On this first day of a new year, I thought to write about love. Almost every story has love in it somewhere, even if not the love between a man and a woman. There are so many kinds of love without a sexual connotation – parental love; love of humanity; sibling love … the list is endless. I started thinking about a different aspect – there is love even without a human aspect. So I bring you –
THE GREAT LOVER
by DVORA WAYSMAN
One of the most beautiful poems ever written was penned by a British poet named Rupert Brooke, tragically
killed at a young age in the first World War. In his short life (1887 – 1915), he wrote prolifically, and his
poems are still quoted today. In one of the most memorable, “The Great Lover”, he detailed all the things
that were most dear to him – from “the strong crusts of friendly bread”, “the cool kindliness of sheets” to “the
benison of hot water.” It was his way of counting his blessings, and I think that is something we all need to do
now and then.
On re-reading his poetry recently, I was moved by the fact that although he died at 28, he lived each one of his brief years so intensely, almost as though he were aware that he would not be granted the time to savor and reflect. “The Great Lover” inspired me to make a list of things that I take for granted in Jerusalem, but which nevertheless enrich my life:
These I have loved:
The sound of the siren that ushers in the Sabbath, knowing that for the next 24 hours my life will be peaceful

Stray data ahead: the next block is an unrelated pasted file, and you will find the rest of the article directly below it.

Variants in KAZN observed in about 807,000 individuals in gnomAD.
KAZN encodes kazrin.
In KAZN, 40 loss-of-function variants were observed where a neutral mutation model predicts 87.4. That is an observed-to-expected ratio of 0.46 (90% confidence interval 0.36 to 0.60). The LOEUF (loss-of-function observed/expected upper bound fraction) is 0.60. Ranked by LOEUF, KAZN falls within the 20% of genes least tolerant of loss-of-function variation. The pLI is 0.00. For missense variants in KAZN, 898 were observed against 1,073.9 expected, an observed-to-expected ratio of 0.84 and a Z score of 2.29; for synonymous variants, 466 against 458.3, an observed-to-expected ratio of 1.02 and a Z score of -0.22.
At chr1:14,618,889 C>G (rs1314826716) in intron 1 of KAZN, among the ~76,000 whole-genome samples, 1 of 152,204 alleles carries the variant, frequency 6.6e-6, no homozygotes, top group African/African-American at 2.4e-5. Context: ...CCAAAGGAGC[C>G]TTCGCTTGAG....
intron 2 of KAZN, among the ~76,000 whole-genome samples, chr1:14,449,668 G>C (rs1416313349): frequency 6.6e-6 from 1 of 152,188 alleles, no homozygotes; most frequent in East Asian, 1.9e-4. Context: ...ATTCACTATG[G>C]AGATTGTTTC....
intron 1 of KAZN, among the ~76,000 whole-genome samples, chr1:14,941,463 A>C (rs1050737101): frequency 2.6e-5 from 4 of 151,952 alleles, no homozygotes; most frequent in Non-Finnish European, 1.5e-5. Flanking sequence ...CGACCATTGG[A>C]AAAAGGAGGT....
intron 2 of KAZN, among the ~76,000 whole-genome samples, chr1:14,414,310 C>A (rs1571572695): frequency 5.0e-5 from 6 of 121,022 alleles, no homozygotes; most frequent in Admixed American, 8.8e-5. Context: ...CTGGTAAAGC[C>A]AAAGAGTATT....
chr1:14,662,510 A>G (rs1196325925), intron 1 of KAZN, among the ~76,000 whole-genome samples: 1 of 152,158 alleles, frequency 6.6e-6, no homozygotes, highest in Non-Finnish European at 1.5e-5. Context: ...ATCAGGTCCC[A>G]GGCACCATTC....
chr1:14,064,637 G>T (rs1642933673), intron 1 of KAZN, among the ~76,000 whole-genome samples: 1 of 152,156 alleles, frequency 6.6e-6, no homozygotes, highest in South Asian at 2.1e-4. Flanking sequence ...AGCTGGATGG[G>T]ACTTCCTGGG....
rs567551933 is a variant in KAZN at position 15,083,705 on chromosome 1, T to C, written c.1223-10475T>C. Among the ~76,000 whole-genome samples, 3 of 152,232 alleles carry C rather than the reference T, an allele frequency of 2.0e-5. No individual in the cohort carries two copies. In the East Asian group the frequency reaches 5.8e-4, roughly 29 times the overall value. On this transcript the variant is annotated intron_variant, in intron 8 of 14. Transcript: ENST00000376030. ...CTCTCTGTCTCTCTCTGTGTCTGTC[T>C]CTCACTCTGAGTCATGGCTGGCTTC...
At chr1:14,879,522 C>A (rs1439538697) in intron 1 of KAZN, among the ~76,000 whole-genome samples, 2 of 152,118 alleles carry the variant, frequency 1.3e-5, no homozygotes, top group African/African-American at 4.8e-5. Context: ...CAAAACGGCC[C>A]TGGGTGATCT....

and elevated above the mundane. The wind sighing in the pine trees outside my window, and the birds that nest
there so that each morning I awaken to birdsong. Dawn shyly creeping on my balcony when Jerusalem is
bathed in pearl as the city still sleeps.
I love the skyline of the Old City with its domes, minarets and turrets. Touching the stones of the Western
Wall and communing one-on-one with the Creator. The special quality of light in Jerusalem, especially sunset
when indigo shadows lengthen and the sky is strewn with stars.
I love the quiet street where I live, the feeling “I’m coming home!” as I turn the corner. Eating breakfast on
my white dishes with their big splashes of blue and yellow flowers, and pouring milk from a fat clay jug.
I love the knicknacks accumulated on holidays abroad and in the Jaffa fleamarket where I went with a dear
friend. A pottery vase of flowers picked from my own garden – a rose, a daisy, a simple geranium. And in
winter, the embrace of my thick, blue dressing-gown that hugs me in warmth. Old photos of people we loved
who are no longer with us.
So many things to love. But none more so than the company of family and friends; the laughter of
grandchildren and the trusting way they offer you their tiny hands. The things we love the most cannot be
bought with gold. They surround each of us each day waiting to be acknowledged and appreciated.
If we can take a few moments to pause and savour them, then – like the dead young poet – we can say
these things were lovely and – we loved!
May the coming year be filled with many things – and people – to be loved and cherished. Happy writing.
To contact me or locate my books, click on Books or About Me at the top of the blog.